MedicalResearch.com Interview with: Pinar Zorlutuna, PhD Sheehan Family Collegiate Professor of Engineering Aerospace and Mechanical Engineering Chemical and Biomolecular Engineering (Concurrent) Bioengineering Graduate Program University of Notre Dame  MedicalResearch.com: What is the background for this study? Response: Acute myocardial infarction (AMI) is the primary cause of death among cardiovascular diseases. The current clinical standard of diagnosis combines echocardiogram (ECG) and several circulating protein biomarkers from plasma. In their current state, both are incapable of distinguishing between patients with and without complete coronary occlusion, unless additional invasive testing is implemented, and both have significant false positive rates. MicroRNAs (miRNAs) have shown great potential as rapid and discriminating biomarkers for acute myocardial infarction (AMI) diagnosis. (more…)
Author Interviews, Diabetes, Statins / 04.10.2021

MedicalResearch.com Interview with: Ishak Mansi, MD Staff Internist, VA North Texas Health System. Professor in Department of Medicine & Department of Data & Population Science, University of Texas Southwestern, Dallas, TX MedicalResearch.com: What is the background for this study? Response: Several scientific societies guidelines recommend Statins prescription to patients with diabetes aged 40 to 75 with LDL-cholesterol ≥70 mg/dL to prevent cardiovascular diseases from occurring. Statins have been shown to lower the risk of cardiovascular diseases. However, prior research has shown statins to be associated with increased insulin resistance. But doctors do not routinely measure “insulin resistance” for their patients, rather, it is done on research and academic circles only but not in everyday life. Increased insulin resistance may result in less controlled diabetes and/or escalation of anti-diabetes medications. (more…)
Author Interviews, HIV, Infections, Vanderbilt / 02.10.2021

MedicalResearch.com Interview with: Rachael Pellegrino, MD Vanderbilt University Medical Center MedicalResearch.com: What is the background for this study? Response: We know that HIV care and outcomes have dramatically improved over the last 20 years, but disparities still exist at each step of the HIV care continuum, which can ultimately lead to differences in mortality rates. In addition to assessing trends and disparities in mortality, we wanted to look at differences in premature mortality, which has not been widely studied in the HIV population in the US. This concept serves to emphasize and quantify the time lost by death at an early age as an important measurement of the impact of diseases and can expose disparities that are not apparent in the mortality rates alone. (more…)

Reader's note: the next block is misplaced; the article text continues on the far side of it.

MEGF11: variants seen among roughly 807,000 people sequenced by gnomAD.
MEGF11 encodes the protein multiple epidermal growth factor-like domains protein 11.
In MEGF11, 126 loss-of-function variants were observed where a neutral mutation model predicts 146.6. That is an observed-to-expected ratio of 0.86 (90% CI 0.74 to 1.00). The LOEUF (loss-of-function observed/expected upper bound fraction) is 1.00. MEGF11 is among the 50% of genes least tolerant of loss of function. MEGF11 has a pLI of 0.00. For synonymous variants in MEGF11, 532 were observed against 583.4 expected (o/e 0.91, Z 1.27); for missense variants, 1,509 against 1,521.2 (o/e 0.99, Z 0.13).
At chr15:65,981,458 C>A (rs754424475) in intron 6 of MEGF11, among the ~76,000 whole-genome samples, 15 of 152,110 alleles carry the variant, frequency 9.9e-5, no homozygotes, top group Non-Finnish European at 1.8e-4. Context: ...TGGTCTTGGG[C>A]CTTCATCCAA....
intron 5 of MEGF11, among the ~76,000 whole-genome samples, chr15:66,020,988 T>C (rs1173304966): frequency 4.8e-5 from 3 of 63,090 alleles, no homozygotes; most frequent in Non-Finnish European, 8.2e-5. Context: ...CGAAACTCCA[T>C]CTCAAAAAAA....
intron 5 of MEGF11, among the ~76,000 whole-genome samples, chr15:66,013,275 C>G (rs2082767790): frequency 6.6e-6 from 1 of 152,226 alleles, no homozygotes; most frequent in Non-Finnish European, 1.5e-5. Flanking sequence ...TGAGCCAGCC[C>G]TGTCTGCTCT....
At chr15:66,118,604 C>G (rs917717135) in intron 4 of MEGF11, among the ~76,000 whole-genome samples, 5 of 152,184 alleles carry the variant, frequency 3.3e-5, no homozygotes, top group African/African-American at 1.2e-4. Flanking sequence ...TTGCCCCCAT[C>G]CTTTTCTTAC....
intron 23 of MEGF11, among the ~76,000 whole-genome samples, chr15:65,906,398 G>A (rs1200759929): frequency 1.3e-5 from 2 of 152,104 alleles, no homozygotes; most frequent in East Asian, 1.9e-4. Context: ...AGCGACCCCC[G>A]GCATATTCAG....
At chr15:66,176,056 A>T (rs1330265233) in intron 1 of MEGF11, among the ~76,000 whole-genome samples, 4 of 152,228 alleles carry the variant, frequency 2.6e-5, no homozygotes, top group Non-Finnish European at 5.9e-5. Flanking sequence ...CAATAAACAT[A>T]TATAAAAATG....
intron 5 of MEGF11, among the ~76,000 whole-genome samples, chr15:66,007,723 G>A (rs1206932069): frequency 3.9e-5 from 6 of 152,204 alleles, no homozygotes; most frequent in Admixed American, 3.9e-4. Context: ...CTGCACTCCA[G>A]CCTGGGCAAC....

Author Interviews, Critical Care - Intensive Care - ICUs, Infections / 02.10.2021

MedicalResearch.com Interview with: Chanu Rhee, MD, MPH Harvard Medical School and Harvard Pilgrim Health Institute Boston, MA MedicalResearch.com: What is the background for this study? Response: Sepsis is a leading cause of death, disability, and healthcare costs.  This has triggered regulators and hospitals to invest heavily in improving sepsis recognition and care.  Most notably, the Centers for Medicare & Medicaid Services (CMS) implemented the Severe Sepsis/Septic Shock Early Management Bundle (SEP-1) by the in October 2015.  SEP-1 requires hospitals to report compliance with a 3 and 6 hour sepsis care bundle, which includes initial and repeat lactate measurements, blood culture orders, broad-spectrum antibiotic, specific quantities of fluid boluses for hypotension, vasopressors for persistent hypotension, and documentation of a repeat volume and perfusion assessment for patients with septic shock. While SEP-1 has helped raise awareness of sepsis and catalyzed sepsis quality improvement initiatives around the country, concerns have been raised about its potential unintended consequences -- particularly around increasing unnecessary broad spectrum antibiotic use -- and the strength of evidence supporting the measure.  In this study, we used detailed clinical data from a diverse cohort of hospitals to assess whether SEP-1 implementation was associated with changes in key processes of care and mortality in patients with suspected sepsis.  (more…)
Author Interviews, HPV, Vaccine Studies / 01.10.2021

MedicalResearch.com Interview with: Holly Frost, MD Assistant Professor Pediatrics University of Colorado Anschutz School of Medicine Thersia Sebastian, MD Pediatrics, Denver Health  MedicalResearch.com: What is the background for this study? Response: Among children with acute otitis media (AOM) S.pneumoniae, H.influenzae, and M.catarrhalis are the predominant bacterial otopathogens. Historically, the gold standard for diagnosing otopathogens has been through middle ear fluid (MEF) culture. The challenge with MEF culture is that it is time-consuming and requires expert training often only done by specialists, thereby limiting its diagnostic utility to guide routine clinical care. Recent studies have shown that there is a high correlation between nasopharyngeal (NP) and MEF organisms during AOM. It is easier to collect NP swabs and less training is required. Thus, NP samples could serve as a surrogate for detection of otopathogens, potentially making identification of otopathogens practical and feasible in a typical practice environment compared to a MEF collection. Identification of otopathogens could be critical in treatment management of AOM, especially in the era of antimicrobial stewardship efforts to overall reduce unnecessary antibiotic use. Our goal was to compare the sensitivity and specificity of NP PCR to NP culture for common bacteria that cause ear infections.  (more…)